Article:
Fourhundred pages, one affable smile. Let’s congregate!

Cacti are shepherds of time. Ever since I saw the enormous cactus in Can Yücel’s garden, I knew he was a very special person. Of course, I already knew that thanks to his poems, but quality of poetry is a concrete matter only for great poets – for normal people it is all abstract, intangible and relative.

Listening to the latest Nieuwe Contrabas, I thought: yes, exactly. You have six books on the ‘shortlist’ of the Libris and they manage to evoke a handful of affable smiles from three people. That is exactly how I know Dutch literature.

There is no such thing as the roaring laughter as I experience with Tjechov or Gombrovicz. A faint smile, and then a cosy meeting about the book to ‘determine the quality’.

As a poet, you can then shout that this quality has long since been concretely determined by the body, that books which, after reading 400 pages, manage to evoke an affable smile twice, cannot possibly be literary books.

Opposite you now is an army of hollow-eyed psyborgs who haven’t the faintest idea what you’re talking about. Literature is to them what fibre is to a government dietician: a word that covers a load.

That’s how it should be. And exciting literature, those are the books that are about the right woke subjects. Counting, reading comprehension, theming, normalcy-cramp. All that is the norm, has become 99.9% of literature. Those who expect roaring laughter from a literary book, and not once or twice per book but once or twice per page – they have landed in the wrong era.

But for me, that is precisely not literature. That’s why I was all the happier to hear people to whom I gave Flierman’s Passage laughing with great regularity. And I’m also very glad that I’ve understood what a farce Dutch literature has become, or has always been.

They themselves, however, have a different opinion about that. You have to dose the laughter correctly. And the right dose is? Two affable smiles per book. That is how it should be.

Whether a giant cactus will grow somewhere after my death, I do not know. What I do know is that it will not be announced anywhere, that nobody will mourn my disappearance. Good thing, you don’t want to be next to Steve Jobs and (Tjee – I’ve literally forgotten the name of this fake writer!) – well, you don’t want to become a Hero of the Hollow Calorie after all – you’d rather literally eat the cactus.

In the meantime, the whinging goes on. Ionica Smeets, Breukers or van Willigenburg: they keep pretending that this is what ‘the higher-ups’ are supposed to do, they may scold a bit but nobody dares to say that this is simply not literature. They keep pretending that this must be the higher stuff. And that is because to these people literature is essentially just a game, a game meant to have cosy meetings about.

For those for whom the difference between ‘good’ and ‘genius’ does not consist of an abyss but of a few clear-cut numbers on a piece of paper, literature will always be an entertaining game. And then you are dead, and nothing special will remain, but what a laugh you’ve had with all those trivial books in that game!

Reality check

In reality, however, there are only two modi operandi in art: humour and tragedy. Where a book fails to make you laugh twice every page, it may be one that manages to make you cry every other page.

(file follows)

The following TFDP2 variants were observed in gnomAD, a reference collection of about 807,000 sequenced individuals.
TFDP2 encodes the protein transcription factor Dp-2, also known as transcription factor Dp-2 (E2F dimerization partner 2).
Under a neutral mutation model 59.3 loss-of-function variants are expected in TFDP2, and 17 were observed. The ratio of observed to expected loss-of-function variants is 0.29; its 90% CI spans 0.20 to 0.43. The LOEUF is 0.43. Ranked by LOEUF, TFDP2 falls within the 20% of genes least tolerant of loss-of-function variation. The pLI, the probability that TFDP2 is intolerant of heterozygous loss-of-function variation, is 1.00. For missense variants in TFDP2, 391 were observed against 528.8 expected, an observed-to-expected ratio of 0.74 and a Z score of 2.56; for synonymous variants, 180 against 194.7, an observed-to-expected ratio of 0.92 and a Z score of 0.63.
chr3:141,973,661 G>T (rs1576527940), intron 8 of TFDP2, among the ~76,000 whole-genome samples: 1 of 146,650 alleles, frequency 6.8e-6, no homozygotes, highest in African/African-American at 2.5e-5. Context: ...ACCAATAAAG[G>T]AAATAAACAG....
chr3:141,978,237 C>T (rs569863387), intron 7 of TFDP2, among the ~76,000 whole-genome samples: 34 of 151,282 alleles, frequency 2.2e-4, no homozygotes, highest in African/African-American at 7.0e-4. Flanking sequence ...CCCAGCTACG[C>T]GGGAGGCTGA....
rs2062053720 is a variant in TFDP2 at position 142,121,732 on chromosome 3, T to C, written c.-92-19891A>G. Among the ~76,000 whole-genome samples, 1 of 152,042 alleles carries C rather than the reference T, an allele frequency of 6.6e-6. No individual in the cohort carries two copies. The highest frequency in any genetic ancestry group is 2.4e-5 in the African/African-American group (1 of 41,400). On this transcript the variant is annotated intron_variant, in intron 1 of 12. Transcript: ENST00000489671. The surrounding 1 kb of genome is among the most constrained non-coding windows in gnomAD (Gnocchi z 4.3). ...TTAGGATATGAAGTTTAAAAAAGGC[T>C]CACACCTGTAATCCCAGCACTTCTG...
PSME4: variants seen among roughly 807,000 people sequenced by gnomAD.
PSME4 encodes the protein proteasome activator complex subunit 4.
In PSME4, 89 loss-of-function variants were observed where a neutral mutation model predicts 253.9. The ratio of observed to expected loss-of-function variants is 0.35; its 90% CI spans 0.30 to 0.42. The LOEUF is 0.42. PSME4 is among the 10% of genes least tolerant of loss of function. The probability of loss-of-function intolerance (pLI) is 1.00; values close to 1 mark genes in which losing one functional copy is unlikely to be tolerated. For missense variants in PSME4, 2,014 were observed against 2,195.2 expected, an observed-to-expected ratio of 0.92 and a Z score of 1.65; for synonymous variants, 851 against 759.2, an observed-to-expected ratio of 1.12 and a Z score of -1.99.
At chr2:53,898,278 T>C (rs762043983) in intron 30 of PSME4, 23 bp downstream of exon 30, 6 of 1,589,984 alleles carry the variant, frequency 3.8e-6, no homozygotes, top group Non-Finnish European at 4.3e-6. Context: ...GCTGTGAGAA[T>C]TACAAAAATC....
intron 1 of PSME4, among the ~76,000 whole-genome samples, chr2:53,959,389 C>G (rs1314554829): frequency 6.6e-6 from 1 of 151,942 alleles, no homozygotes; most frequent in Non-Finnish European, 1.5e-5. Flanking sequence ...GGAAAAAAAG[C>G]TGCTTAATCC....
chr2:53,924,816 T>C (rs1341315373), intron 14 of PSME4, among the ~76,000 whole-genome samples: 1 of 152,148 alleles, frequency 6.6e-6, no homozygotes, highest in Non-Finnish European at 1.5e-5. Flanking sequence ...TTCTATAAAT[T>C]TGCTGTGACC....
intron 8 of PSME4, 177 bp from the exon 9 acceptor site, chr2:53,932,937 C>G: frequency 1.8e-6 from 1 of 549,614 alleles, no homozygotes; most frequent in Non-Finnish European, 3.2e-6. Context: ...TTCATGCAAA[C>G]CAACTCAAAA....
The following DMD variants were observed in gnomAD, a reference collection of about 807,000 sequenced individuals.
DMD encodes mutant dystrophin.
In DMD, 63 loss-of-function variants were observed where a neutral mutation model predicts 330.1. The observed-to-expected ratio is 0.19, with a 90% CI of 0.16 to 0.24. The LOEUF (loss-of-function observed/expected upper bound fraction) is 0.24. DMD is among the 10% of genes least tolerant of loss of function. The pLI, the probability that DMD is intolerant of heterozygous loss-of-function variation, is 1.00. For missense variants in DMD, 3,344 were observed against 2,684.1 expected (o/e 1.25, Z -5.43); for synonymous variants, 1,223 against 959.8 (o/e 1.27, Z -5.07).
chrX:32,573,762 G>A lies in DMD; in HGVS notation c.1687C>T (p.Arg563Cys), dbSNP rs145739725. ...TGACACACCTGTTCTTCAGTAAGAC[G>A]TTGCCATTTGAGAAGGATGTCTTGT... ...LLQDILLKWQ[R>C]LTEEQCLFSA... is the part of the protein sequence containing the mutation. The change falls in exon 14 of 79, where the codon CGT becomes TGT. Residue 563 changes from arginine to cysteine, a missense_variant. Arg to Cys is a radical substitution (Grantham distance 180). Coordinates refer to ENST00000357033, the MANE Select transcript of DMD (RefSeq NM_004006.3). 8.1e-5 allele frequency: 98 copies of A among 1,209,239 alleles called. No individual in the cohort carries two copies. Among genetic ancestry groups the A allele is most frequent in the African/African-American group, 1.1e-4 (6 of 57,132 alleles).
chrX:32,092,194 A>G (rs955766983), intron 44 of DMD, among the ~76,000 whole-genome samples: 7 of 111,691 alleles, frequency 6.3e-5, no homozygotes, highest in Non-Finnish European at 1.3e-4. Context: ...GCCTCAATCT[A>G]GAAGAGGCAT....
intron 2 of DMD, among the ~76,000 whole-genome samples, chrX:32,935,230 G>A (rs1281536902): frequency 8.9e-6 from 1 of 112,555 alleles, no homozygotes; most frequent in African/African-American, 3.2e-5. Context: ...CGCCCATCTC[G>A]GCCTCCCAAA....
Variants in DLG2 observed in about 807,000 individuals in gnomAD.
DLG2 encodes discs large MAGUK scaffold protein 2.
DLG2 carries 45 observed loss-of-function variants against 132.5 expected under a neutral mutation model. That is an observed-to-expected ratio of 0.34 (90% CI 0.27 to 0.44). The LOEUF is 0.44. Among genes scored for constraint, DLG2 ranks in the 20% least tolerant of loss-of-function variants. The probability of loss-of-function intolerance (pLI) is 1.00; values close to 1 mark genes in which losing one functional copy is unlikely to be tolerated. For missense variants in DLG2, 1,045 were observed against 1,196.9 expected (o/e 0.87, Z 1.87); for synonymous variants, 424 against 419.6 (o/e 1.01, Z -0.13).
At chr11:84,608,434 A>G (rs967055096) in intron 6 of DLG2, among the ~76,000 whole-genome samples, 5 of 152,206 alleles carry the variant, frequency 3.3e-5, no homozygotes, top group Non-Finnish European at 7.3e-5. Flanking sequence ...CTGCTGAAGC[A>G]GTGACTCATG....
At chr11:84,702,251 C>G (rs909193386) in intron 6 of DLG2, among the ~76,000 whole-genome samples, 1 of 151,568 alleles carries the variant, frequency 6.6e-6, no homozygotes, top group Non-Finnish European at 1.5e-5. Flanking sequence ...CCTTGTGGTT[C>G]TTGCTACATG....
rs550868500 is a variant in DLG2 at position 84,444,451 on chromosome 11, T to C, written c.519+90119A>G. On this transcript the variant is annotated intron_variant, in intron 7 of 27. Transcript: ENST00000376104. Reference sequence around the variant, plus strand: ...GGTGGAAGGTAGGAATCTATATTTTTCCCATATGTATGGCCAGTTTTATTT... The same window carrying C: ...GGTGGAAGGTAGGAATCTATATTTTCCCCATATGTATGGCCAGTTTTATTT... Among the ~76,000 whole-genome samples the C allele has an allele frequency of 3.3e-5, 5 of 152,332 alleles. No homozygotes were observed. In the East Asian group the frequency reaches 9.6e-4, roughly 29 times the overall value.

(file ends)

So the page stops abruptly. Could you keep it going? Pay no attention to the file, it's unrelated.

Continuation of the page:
But books that do not provoke any physical reaction? Higher literature? Bitch, please. That would be a total break with the whole corpus that the canon is based on. Books that are good because they deal with a certain theme. Books that are fun because you can give them to a student as a present.

Mountains, giants and mushrooms – in this fairytale-like collection, magic whirls and swirls, yet another reality breaks through as well – the whole world turned into The Shining, and the pilgrimage to Szymborska’s grave, a simple stone in Krakow, fails at the last minute; a journey without check marks across sixteen national borders to his daughter, however, succeeds. In its combination of fairy-tale nature, historical background and eerily topical reality, this collection of poems is Benders’ best since he lost count.


You have no time to read this, but that is because you are no longer human. If something of the original person were still alive in you, the old mycelia of childhood, then you would learn a lot from this book, indeed, with its magical knowledge, it might become your most useful possession. A book about the human imagination, and how it managed to get into the iron grip of trans-dimensional cockroaches. Furthermore, there are also magical tips to substantially improve your life and your time acceleration, and M.H.H. Benders also makes light-hearted mincemeat of the entire Dutch literature, what more could you want!

If you don’t want to crawl around mars like a cyber insect under a scrubbed boot – which is on the agenda – then you’d do well to read this book.

The first collected work of Martinus Hendrikus Hogervorst-Benders comprises no fewer than 712 pages and weighs in at least 1.4 kilos in thin print. It is the most ambitious collection written in the last thirty years, and certainly one of the highlights of Dutch literature as a whole, in line with Snoek and van de Woestijne. Anyone with a heart for literature and who wants to read an ambitious book brimming with cast-iron poems instead of yet another typical Dutch-language ‘masterpiece’ will be delighted with the purchase of this brick.

The Microdose Bible is the worlds most comprehensive and complete oversight of mind altering substances, teacher plants and mushrooms. Dutch mycologist and philosopher M.H.H.Benders takes you on a magical journey full of wonder about what teachers nature has to offer. Includes the Psychosupersum, a guide that describes all known mental disorders and offers wisdom for their treatment. 

This book will be published end of 2022.